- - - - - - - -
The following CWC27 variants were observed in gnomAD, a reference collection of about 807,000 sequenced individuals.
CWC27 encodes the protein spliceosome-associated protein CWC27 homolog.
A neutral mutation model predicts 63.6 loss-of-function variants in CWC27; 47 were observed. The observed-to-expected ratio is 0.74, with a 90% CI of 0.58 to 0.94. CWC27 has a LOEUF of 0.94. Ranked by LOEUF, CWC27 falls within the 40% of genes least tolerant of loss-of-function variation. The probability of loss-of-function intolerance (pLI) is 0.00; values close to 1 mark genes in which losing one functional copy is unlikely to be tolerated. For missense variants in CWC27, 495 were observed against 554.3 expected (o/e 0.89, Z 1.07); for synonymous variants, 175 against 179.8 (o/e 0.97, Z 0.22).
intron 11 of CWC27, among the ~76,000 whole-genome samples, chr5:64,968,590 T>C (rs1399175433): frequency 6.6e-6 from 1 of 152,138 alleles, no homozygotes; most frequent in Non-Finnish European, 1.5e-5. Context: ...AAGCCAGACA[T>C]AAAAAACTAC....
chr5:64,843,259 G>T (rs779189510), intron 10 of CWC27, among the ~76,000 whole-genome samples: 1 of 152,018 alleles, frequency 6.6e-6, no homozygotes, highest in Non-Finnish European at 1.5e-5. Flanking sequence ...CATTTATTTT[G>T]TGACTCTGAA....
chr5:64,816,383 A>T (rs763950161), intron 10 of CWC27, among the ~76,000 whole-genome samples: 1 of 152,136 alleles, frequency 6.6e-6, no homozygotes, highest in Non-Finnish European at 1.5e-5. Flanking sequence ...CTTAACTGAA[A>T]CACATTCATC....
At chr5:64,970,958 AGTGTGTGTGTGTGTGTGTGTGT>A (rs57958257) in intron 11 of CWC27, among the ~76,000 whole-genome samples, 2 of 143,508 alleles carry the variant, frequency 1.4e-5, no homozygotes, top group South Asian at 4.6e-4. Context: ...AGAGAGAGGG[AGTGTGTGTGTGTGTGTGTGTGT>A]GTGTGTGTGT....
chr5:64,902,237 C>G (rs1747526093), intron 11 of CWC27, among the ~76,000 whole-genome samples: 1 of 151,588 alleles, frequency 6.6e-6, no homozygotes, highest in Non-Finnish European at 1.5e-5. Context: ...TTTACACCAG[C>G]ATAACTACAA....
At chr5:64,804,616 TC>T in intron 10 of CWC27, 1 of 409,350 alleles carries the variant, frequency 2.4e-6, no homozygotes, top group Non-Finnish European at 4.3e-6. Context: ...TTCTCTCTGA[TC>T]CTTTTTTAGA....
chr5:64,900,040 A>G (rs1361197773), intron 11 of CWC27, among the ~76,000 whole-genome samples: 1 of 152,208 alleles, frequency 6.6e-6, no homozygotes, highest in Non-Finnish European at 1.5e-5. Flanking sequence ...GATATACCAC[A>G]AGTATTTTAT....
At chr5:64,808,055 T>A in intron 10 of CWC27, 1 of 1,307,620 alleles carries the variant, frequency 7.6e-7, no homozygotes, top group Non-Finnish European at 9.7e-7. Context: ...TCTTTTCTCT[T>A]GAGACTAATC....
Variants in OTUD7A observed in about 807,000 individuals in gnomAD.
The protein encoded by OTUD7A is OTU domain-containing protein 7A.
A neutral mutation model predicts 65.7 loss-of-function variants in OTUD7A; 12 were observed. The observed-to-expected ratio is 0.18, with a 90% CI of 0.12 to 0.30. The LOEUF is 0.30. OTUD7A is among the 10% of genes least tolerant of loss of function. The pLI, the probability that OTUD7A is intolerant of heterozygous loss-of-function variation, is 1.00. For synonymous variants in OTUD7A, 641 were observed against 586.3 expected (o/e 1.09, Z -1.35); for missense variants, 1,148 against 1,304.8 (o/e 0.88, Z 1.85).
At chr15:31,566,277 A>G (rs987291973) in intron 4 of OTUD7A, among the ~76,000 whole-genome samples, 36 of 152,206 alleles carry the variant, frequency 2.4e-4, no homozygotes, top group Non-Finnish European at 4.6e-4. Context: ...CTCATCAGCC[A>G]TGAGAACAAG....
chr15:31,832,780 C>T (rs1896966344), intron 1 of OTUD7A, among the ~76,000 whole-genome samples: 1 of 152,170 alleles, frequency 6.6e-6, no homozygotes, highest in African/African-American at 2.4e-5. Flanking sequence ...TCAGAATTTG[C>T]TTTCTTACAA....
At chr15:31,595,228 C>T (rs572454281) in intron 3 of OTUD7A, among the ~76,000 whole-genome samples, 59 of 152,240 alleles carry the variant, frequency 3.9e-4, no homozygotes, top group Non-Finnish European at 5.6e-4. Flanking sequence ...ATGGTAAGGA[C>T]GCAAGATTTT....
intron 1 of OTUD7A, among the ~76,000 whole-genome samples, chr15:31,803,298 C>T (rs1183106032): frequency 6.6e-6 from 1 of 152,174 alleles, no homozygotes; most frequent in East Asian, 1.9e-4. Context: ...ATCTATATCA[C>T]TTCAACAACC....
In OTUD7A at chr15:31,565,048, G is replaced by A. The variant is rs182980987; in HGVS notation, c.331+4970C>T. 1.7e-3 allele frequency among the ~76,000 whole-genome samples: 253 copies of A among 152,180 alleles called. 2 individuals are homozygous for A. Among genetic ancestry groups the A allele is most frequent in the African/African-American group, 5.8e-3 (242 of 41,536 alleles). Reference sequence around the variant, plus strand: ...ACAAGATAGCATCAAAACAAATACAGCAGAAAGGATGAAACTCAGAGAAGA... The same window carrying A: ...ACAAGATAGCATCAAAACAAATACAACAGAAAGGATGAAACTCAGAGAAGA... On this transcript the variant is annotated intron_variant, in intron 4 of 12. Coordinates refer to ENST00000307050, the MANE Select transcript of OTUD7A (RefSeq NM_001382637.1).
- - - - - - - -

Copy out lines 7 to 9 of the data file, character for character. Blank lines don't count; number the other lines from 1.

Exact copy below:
At chr5:64,970,958 AGTGTGTGTGTGTGTGTGTGTGT>A (rs57958257) in intron 11 of CWC27, among the ~76,000 whole-genome samples, 2 of 143,508 alleles carry the variant, frequency 1.4e-5, no homozygotes, top group South Asian at 4.6e-4. Context: ...AGAGAGAGGG[AGTGTGTGTGTGTGTGTGTGTGT>A]GTGTGTGTGT....
chr5:64,902,237 C>G (rs1747526093), intron 11 of CWC27, among the ~76,000 whole-genome samples: 1 of 151,588 alleles, frequency 6.6e-6, no homozygotes, highest in Non-Finnish European at 1.5e-5. Context: ...TTTACACCAG[C>G]ATAACTACAA....
At chr5:64,804,616 TC>T in intron 10 of CWC27, 1 of 409,350 alleles carries the variant, frequency 2.4e-6, no homozygotes, top group Non-Finnish European at 4.3e-6. Context: ...TTCTCTCTGA[TC>T]CTTTTTTAGA....